- Potential stalling in the next 24 hours, waiting for that turn to the north
- Forecast strength to be 2 MPH from Category 5 status at 6 pm CST.
- Path confidence growing, but still not specific. It's like playing pool with a bowling ball. Dorian may not get the 8-ball in the corner pocket, but it'll shatter 4 or 5 balls in its path.
FORECAST POSITIONS AND MAX WINDS INIT 01/0900Z 26.4N 76.0W 130 KT 150 MPH 12H 01/1800Z 26.6N 77.1W 135 KT 155 MPH 24H 02/0600Z 26.7N 78.1W 125 KT 145 MPH 36H 02/1800Z 26.9N 78.7W 120 KT 140 MPH 48H 03/0600Z 27.0N 79.0W 120 KT 140 MPH 72H 04/0600Z 28.9N 79.8W 100 KT 115 MPH 96H 05/0600Z 31.8N 79.6W 85 KT 100 MPH 120H 06/0600Z 34.5N 76.0W 80 KT 90 MPH
- A prolonged period of life-threatening storm surge, devastating hurricane-force winds, and heavy rains capable of producing life-threatening flash floods are expected on the Abaco Islands and Grand Bahama through Monday, and a hurricane warning is in effect for these areas.
- A tropical storm warning is now in effect for a portion of the Florida east coast. Since Dorian is forecast to slow down and turn northward as it approaches the coast, life-threatening storm surge and dangerous hurricane-force winds are still possible along portions of the Florida east coast by the middle part of this week. Residents should have their hurricane plan in place, know if they are in a hurricane evacuation zone, and listen to advice given by local emergency officials.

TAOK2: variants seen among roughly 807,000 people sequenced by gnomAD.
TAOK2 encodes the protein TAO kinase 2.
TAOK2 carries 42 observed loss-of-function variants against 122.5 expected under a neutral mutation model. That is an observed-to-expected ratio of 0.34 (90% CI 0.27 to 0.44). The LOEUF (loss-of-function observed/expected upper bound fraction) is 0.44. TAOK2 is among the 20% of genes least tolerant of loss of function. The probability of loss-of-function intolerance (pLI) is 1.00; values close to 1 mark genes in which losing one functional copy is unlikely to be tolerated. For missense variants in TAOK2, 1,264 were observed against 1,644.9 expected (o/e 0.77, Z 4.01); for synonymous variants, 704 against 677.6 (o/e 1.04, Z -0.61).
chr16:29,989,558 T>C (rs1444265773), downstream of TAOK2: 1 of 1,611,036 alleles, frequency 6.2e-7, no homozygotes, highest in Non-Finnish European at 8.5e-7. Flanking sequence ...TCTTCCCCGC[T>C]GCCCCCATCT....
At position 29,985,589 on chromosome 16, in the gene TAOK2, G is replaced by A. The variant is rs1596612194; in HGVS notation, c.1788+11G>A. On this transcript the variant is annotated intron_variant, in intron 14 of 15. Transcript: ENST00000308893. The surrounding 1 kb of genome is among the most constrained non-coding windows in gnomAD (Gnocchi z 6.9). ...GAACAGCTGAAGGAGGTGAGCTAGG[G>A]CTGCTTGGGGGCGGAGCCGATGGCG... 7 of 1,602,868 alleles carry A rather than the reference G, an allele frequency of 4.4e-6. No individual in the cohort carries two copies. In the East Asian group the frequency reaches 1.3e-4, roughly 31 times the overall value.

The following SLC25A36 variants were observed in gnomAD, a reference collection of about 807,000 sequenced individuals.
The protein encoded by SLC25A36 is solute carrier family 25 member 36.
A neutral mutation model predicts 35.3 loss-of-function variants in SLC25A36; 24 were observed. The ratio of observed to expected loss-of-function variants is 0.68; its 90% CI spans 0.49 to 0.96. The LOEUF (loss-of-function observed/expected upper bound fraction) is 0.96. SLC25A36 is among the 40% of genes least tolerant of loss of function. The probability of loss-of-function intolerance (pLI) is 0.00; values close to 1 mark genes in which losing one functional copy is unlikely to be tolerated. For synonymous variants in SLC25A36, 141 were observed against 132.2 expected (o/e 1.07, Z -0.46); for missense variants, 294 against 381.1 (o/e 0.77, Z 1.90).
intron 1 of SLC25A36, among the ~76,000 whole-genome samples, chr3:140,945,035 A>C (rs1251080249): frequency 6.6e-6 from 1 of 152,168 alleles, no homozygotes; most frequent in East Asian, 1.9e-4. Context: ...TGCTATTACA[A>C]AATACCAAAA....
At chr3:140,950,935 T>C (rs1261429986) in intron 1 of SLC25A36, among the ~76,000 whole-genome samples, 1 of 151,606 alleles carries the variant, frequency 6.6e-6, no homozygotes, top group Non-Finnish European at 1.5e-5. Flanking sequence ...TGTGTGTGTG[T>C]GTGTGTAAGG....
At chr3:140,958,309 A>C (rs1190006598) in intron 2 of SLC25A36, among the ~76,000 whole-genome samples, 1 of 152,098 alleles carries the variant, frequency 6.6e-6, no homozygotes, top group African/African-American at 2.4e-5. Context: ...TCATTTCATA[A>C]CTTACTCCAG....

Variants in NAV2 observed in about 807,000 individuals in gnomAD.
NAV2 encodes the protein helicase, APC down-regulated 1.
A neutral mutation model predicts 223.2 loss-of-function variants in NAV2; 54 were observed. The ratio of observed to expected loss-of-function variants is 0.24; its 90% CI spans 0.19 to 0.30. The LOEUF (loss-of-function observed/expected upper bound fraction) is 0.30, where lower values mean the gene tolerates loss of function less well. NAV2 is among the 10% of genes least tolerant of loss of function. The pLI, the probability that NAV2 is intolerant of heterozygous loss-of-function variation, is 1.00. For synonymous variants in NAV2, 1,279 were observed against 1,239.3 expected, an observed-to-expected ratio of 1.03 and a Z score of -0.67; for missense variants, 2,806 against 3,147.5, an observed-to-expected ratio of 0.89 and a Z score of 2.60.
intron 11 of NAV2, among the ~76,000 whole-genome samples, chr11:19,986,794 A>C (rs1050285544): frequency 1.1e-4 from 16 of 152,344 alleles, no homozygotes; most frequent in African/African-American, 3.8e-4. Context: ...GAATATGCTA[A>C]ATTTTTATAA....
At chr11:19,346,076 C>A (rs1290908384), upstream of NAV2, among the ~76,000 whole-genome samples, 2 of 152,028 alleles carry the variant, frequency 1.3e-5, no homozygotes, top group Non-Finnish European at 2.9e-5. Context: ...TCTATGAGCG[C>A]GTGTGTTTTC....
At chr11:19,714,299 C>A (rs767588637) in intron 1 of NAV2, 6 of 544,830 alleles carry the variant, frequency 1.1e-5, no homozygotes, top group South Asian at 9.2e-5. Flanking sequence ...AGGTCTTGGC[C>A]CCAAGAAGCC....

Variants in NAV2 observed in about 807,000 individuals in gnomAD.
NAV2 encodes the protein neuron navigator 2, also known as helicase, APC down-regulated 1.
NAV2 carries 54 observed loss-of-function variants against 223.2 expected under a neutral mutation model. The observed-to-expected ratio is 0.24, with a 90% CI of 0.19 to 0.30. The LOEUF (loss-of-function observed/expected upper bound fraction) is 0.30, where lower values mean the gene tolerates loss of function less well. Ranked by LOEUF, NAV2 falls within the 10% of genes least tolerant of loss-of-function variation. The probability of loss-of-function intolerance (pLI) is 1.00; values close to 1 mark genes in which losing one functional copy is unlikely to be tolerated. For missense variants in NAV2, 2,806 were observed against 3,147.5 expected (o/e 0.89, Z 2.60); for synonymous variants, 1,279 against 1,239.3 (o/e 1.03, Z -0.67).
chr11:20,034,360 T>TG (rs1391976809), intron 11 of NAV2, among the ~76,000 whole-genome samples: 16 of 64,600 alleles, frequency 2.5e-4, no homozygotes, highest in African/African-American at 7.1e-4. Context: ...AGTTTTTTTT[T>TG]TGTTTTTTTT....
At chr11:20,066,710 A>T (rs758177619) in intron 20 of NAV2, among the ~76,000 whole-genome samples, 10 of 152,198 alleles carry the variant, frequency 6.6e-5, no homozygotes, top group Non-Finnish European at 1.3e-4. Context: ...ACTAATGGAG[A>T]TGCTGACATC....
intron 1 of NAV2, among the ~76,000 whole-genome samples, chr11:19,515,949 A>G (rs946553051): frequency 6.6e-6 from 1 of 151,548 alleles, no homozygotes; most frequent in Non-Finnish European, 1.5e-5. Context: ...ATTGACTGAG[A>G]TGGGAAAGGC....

- There is an increasing risk of strong winds and dangerous storm surge along the coasts of Georgia, South Carolina, and North Carolina later this week. Residents in these areas should continue to monitor the progress of Dorian.
- Heavy rains, capable of producing life-threatening flash floods, are possible over coastal sections of the southeast and lower mid-Atlantic regions of the United States through late this week.
Hurricane Dorian Discussion Number 32
NWS National Hurricane Center Miami FL AL052019
500 AM EDT Sun Sep 01 2019
Dorian continues to exhibit a well-defined eye surrounded by very cold cloud tops on satellite images. Observations from an Air Force Hurricane Hunter aircraft from several hours ago indicated that the intensity was still near 130 kt, and since the cloud pattern remains very impressive, it is assumed that Dorian has at least maintained that strength through the present time. The hurricane will remain in a fairly low-shear environment for the next few days, however since it is forecast to move quite slowly over the shallow waters of the northwestern most Bahamas through
Monday, this would likely result in less available oceanic heat content. Therefore, a very slow weakening is anticipated to commence after 12 hours or so. The official intensity forecast is near the high end of the numerical guidance suite.
The hurricane continues moving westward, or about 280/7 kt. A high pressure ridge to the north of Dorian should maintain this westward movement through today. By tonight, the global models show the ridge weakening, and this evolution should result in a slowing of the forward speed, with the hurricane becoming nearly stationary
around 48 hours. In comparison to its earlier runs, the new ECMWF track forecast takes the system farther to the west during the next couple of days, and is the southwesternmost model through 48 hours. As a result, the official track forecast has been shifted a little west during that time frame. In 2 to 4 days, Dorian should turn
northward in response to a trough over the eastern United States. By the end of the period, the flow on the south side of the trough should cause the cyclone to move northeastward near the Carolinas.
The westward shift of the NHC track within the first 48 hours necessitates the change from a Tropical Storm Watch to a Tropical Storm Warning for a portion of the Florida east coast. Although the official track forecast does not show landfall, users should not focus on the exact track since a Florida landfall is still a distinct possibility.